Parental Responsibility & Right Disputes
Meeting a child’s needs is an important legal responsibility. In many cases it’s clear who has parental responsibility, but if there are parental disputes, it’s important to understand how it works in law. Understanding Parental Responsibility laws, who they affect, and the rights and duties involved can be difficult to process, but Hepburn Delaney’s Parental Responsibility Solicitors can guide you through the process.
What is Parental Responsibility?
Parental responsibility covers a range of rights and duties that a parent has regarding their child. A person with parental responsibility gets to the final say on things like:
- The child’s name
- Where they live
- Health and medical treatment
They are also responsible for:
- Providing a safe home for the child
- Keeping them healthy and safe
In most cases, parental responsibility lasts until the child is 18.
Who has Parental Responsibility?
Parental responsibility is a legal term, relating to the Children Act 1989. According to the Act, a child’s birth mother will automatically have legal parental responsibility. If the father is married to the biological mother, he also has automatic parental responsibility.
Fathers who are not married to the child’s mother will have automatic parental responsibility too, as long as they are named on their children’s birth certificate.
Family members or other adults who have a Child Arrangements Order which says that a child lives with them automatically have parental responsibility whilst the order remains in case.
Who can apply for Parental Responsibility?
The law recognises that families come in all shapes and sizes. So it’s possible for a person who isn’t the biological parent, or a biological father who isn’t married to the child’s mother, to apply for parental responsibility. It’s worth noting that more than two people can have parental responsibility for a child.
People or institutions applying for parental responsibility might include:
- Unmarried biological fathers
- Step parents and civil partners
- Same-sex and opposite-sex partners who are not married to the child’s parent
- Parents who have used a surrogate (who do not have automatic parental responsibility under English law)
- Family members or other adults who are applying for Special Guardianship
- Local authorities (if the child is taken into care)
Parental responsibility can be granted through a parental responsibility agreement, which needs to be signed by all parties and registered with the court. If the people involved can’t agree, it can also be granted through a court order known as a parental responsibility order.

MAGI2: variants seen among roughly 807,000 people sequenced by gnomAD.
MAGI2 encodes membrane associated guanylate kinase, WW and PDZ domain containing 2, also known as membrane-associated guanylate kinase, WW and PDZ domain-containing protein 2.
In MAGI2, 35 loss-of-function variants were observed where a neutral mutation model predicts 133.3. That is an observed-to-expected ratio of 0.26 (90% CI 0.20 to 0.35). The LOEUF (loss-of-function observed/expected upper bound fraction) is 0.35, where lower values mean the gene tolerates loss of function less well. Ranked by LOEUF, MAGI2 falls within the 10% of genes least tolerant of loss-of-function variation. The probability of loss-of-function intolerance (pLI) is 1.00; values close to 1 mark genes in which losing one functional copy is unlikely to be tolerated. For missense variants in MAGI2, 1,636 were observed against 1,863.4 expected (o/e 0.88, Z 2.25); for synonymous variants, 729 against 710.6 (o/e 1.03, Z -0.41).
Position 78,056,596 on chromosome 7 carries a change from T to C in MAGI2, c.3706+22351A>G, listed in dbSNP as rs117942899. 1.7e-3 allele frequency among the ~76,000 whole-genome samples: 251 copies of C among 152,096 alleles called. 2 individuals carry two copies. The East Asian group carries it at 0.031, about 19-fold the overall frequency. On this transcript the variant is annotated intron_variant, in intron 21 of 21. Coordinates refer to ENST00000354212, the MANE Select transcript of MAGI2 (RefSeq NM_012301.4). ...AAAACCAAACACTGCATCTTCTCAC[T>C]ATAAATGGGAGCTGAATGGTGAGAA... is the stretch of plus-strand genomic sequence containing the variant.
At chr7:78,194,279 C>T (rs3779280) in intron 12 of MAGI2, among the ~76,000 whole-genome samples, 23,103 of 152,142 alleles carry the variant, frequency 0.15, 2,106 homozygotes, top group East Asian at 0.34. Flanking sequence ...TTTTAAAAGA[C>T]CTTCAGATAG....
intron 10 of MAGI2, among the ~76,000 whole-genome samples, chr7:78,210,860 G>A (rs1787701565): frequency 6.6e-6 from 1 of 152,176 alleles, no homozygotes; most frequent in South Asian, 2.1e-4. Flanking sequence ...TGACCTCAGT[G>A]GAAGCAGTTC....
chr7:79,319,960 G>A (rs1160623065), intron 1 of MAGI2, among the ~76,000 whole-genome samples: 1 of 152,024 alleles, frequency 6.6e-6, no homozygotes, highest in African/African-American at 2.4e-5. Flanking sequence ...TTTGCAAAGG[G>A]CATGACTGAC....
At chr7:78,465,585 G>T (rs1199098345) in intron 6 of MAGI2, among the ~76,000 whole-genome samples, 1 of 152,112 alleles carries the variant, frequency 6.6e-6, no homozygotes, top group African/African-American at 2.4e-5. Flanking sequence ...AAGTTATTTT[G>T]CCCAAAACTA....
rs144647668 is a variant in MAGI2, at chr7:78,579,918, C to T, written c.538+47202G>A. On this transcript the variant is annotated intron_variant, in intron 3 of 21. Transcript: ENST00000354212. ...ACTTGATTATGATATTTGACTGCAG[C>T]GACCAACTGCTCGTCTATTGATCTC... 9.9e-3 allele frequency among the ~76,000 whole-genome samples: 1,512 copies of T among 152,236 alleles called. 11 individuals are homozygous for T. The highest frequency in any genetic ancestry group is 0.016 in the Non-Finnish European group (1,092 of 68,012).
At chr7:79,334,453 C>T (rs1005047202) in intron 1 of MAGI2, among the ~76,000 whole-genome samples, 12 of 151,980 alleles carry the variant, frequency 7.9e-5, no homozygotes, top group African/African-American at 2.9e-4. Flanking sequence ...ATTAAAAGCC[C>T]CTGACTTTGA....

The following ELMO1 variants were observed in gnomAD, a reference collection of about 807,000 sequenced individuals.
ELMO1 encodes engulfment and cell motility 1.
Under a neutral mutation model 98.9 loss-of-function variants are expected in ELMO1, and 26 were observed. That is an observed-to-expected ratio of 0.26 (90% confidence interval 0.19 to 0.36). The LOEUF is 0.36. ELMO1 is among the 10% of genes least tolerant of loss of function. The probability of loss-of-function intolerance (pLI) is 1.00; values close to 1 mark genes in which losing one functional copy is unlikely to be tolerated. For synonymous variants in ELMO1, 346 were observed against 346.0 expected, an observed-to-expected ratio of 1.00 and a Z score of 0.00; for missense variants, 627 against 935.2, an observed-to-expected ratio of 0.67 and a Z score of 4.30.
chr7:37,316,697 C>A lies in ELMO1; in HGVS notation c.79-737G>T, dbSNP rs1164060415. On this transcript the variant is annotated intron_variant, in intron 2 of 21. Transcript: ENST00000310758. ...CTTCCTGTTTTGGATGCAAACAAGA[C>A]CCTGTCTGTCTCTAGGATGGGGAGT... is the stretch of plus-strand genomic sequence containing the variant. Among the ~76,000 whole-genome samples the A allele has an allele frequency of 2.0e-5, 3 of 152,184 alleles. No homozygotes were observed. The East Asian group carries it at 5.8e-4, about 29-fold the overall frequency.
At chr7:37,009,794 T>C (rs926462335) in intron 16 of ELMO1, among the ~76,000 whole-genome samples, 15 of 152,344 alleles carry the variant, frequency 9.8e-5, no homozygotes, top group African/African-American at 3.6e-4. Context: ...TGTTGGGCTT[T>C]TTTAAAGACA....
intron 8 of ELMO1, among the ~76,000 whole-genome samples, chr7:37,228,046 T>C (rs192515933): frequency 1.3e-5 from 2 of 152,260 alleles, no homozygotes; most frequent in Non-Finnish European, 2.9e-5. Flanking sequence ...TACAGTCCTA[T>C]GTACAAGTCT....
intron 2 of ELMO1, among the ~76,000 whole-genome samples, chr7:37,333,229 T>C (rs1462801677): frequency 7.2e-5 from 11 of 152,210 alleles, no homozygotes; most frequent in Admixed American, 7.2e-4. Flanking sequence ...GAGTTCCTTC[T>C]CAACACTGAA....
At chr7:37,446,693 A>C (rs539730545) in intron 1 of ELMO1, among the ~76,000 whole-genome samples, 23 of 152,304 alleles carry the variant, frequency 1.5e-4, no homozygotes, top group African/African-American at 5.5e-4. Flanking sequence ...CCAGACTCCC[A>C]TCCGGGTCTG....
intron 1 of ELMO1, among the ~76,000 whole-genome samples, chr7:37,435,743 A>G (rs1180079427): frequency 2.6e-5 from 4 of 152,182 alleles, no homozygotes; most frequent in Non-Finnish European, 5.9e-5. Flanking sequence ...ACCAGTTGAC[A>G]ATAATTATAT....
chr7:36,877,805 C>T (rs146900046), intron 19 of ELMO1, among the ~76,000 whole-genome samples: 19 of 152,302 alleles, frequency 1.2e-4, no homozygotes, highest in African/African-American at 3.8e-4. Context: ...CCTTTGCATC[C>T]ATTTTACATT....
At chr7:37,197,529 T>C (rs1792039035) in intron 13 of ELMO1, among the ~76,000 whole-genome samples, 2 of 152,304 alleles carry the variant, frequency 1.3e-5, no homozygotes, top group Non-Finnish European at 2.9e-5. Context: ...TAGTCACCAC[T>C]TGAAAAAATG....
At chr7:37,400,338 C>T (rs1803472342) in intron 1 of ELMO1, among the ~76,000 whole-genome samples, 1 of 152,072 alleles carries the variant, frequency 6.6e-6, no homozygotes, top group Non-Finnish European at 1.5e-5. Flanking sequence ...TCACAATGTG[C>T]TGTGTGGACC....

Court Orders relating to Parental Responsibility
If you cannot agree on who has parental responsibility, there are a number of legal orders that can be obtained through the court. These will outline what must and must not happen in relation to the child.
Parental Responsibility Order
A parental responsibility order is a legal decision by the court, about who is granted parental responsibility.
Child Arrangements Order
The child arrangements order sets out where a child will live, who they will live with and what time they spend with other key adults, such as their other parent or family members. Contact arrangements can include face-to-face meetings, overnight stays, holidays and telephone calls.
Prohibited Steps Order
A prohibited steps order can stop (prohibit) a person from exercising their parental responsibility. For example, a separated parent might want to prevent their former spouse from relocating or moving their child out of the country.
Specific Issue Order
If there is a disagreement about a particular issue, such as where the child goes to school, a specific issue order can be obtained to resolve the dispute and make a final decision.
Get in touch with our team of parental responsibility solicitors today
We recommend that in the first instance you attend our initial fixed fee appointment when we can discuss your options in full.
You may also wish to try to resolve matters by mediation. We can provide you with the contact details of local mediators upon request.
To contact us, please:
Call us on 01442 218090
Send an email to firstname.lastname@example.org
Fill out our enquiry form and speak to one of our Specialist Parental Responsibility Solicitors today.
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